Nearly one in three NHS staff take time off for mental health problems

A survey by Unison found that many staff were experiencing burnout and stress as a result of the staffing crisis

8th April 2024 about a 3 minute read
“I’ve been experiencing stress-related symptoms, headaches, palpitations and chest pain. The level of stress affects my home life as it causes worry and brain fog.” Nurse responding to Unison survey

Nearly a third (31%) of NHS employees have taken time off work in the past year because of mental health problems, a survey has found.

The survey of 12,243 employees carried out by Unison, a trade union, was completed by people with a range of job roles, including nurses, pharmacists, porters, administrative workers and 999 call handlers. It was carried out between 19 February and 8 March this year. The results were published just ahead of Unison’s annual conference.

Respondents reported panic attacks, high blood pressure, chest pains and headaches as some of the physical signs of stress they had experienced.

Unison, the country’s largest trade union, said the results showed the impact of a staffing crisis, with many suffering burnout as staff attempted to tackle the waiting list backlog.

Some respondents to the survey described their experiences, including:

“I went off sick with stress and high blood pressure due to workload and low staffing.” (Admin worker)
“I suffer sleep deprivation, anxiety and panic attacks. I don’t know who to speak to or trust.” (Health improvement team worker)
“I’ve been getting panic attacks, anxiety and started having blood pressure problems.” (Nursing associate)
“I’ve been experiencing stress-related symptoms, headaches, palpitations and chest pain. The level of stress affects my home life as it causes worry and brain fog.” (Nurse)

Managers should ensure staffing levels are ‘safe’

Responding to the survey results, Helga Pile, Unison’s head of health, said: “Many NHS staff are clearly at their limit. Burnout is a reality in every part of the health service, from hospital wards to ambulance stations.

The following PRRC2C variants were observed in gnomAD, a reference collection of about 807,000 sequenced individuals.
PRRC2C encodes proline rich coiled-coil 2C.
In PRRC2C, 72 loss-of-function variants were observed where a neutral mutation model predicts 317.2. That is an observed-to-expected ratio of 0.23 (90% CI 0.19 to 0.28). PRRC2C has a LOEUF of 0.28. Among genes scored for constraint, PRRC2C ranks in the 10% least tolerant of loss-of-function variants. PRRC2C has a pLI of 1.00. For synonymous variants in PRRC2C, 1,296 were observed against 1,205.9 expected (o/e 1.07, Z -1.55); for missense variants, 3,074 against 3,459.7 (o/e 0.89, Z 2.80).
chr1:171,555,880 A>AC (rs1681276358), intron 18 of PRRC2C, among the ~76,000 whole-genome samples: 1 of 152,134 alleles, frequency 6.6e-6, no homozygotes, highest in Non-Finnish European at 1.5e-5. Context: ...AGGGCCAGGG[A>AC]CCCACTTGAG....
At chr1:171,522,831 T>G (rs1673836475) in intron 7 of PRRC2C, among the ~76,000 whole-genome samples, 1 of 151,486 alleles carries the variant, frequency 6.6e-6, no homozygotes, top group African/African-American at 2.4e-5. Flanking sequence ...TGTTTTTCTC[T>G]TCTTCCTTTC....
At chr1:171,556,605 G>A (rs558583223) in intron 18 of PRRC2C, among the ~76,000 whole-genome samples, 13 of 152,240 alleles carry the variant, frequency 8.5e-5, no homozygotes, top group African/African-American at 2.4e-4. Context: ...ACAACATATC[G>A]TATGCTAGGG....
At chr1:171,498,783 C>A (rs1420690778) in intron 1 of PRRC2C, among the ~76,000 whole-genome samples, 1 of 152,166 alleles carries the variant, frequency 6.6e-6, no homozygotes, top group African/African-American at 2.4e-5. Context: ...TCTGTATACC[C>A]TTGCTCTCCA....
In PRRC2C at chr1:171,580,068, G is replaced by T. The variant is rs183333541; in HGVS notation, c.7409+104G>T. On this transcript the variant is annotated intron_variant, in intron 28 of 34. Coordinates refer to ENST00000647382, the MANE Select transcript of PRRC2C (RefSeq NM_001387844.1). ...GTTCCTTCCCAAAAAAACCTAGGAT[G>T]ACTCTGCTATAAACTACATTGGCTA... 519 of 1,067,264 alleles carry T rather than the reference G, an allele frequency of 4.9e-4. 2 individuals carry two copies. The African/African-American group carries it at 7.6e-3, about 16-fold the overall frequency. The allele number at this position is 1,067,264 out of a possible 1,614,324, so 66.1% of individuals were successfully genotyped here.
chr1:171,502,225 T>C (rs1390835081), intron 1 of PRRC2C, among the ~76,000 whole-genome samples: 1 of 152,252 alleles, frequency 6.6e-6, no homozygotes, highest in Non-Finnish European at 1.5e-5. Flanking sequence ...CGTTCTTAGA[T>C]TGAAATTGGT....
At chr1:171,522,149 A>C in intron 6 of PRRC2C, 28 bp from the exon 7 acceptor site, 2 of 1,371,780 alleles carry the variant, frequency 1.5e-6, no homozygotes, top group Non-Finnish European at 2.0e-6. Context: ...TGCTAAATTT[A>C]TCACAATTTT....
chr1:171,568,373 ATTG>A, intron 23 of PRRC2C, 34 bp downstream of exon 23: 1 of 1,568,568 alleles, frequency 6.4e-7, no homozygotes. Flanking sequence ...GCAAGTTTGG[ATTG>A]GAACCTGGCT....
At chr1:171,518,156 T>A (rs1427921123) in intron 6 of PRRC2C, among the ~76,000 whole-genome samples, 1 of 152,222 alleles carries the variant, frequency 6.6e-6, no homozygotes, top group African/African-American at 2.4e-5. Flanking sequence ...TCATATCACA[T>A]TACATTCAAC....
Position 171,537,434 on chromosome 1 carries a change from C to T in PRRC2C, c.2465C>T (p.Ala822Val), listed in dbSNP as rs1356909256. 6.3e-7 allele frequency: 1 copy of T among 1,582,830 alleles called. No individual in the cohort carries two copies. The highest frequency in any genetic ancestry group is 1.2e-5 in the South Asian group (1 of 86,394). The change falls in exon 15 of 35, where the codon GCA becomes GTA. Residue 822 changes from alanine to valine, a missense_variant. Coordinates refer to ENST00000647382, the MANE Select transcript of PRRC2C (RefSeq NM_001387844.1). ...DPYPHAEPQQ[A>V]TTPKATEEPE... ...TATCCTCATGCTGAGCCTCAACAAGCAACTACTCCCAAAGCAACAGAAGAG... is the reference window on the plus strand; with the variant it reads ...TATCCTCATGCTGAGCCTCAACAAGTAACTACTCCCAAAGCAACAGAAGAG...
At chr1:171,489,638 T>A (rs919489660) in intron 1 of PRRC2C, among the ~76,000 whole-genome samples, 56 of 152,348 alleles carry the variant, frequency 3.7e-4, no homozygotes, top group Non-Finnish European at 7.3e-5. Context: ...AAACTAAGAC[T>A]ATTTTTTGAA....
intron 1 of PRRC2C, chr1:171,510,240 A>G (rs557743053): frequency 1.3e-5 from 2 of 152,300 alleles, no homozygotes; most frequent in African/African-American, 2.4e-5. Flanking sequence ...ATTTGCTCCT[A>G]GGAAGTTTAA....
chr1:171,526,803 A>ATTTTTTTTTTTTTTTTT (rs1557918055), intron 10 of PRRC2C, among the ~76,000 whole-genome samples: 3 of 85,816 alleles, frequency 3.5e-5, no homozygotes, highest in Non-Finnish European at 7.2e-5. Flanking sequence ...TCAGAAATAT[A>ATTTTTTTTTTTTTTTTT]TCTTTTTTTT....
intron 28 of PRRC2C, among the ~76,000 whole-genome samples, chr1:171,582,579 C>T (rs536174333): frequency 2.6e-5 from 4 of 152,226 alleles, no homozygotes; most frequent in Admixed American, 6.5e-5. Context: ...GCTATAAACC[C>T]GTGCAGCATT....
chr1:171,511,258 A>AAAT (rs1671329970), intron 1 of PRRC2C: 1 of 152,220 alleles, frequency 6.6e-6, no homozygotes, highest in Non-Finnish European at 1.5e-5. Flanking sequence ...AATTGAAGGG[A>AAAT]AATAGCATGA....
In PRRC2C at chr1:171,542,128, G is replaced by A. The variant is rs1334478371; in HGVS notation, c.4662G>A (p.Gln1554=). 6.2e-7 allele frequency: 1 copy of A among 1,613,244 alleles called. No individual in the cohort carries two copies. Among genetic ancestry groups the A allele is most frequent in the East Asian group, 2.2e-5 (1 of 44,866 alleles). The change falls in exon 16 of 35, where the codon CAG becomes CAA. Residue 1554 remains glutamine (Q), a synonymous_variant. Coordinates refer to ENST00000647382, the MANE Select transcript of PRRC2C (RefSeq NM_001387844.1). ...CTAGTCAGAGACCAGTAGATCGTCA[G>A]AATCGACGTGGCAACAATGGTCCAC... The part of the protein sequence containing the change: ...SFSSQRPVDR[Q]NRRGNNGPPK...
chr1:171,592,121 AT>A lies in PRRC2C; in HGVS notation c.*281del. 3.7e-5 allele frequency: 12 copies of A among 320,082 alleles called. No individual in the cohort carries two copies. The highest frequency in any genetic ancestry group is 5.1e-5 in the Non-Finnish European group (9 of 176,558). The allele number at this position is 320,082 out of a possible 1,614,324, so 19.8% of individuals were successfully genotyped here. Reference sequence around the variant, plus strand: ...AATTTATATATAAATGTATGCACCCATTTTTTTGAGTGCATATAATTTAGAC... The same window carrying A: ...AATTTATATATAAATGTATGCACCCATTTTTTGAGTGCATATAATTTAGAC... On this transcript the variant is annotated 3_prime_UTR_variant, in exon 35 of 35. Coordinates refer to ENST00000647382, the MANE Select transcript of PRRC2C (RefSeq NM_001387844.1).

“As more staff quit, the pressures increase for those still working in the NHS, and many are struggling to cope. No one should suffer stress-related issues such as panic attacks and chest pains because of their job.

“Employers must do more to recognise the overwhelming pressures on all NHS staff, including healthcare assistants, cleaners and paramedics.

“The range of support available to workers experiencing mental health issues needs to be reviewed too.

“Managers must also ensure staffing levels are safe and that employees have regular breaks.”

Of staff who took time off, one in five said they did not tell their employer the real reason for their absence, because they did not feel their manager would be supportive. Of those who asked their employer for support, 48% said they did not feel supported.

Unison added that staff felt undervalued and frustrated, with many quitting for less stressful jobs that paid more.

Better pay would improve wellbeing

The vast majority of those surveyed (89%) said that better pay and recognition would make a difference to their wellbeing. Safer staffing levels (82%), measures to stop bullying and harassment (68%) and a change in work pattern (58%) also scored highly, along with access to a 24-hour counselling service (51%) and to a wellbeing app (49%).

The survey also found that one in 10 health care workers reported having experienced sexual harassment. Just over a quarter (27%) of the harassment incidents occurred within the past 12 months and 19% between one and three years ago, while the rest were three or more years ago.

For those workers subjected to harassment, more than half (56%) said incidents involved colleagues, two fifths experienced problems with patients and 16% were caused by managers.

Despite the serious and even criminal nature of some of the incidents, half the staff (51%) hadn’t reported the sexual harassment to their employer. The main reason was a fear of being considered over-sensitive (60%), followed by a lack of trust in the process (53%) and a feeling that their employer would not act on their complaint (48%).

FCC Insight

This Unison survey shows that as many as a third of NHS staff, in roles as diverse as nursing, call handling and portering, have taken time off for mental health problems in the past year. These stark findings will be of concern to government, NHS managers and patients. Stressed-out and overworked staff inevitably leads to poorer quality care – and the recent British Social Attitudes survey has found that only 24% of the public are satisfied with the NHS, the lowest levels since the survey began in 1983. The training and recruitment of staff must now be a priority for government, along with tougher measures to tackle bullying and harassment in the service.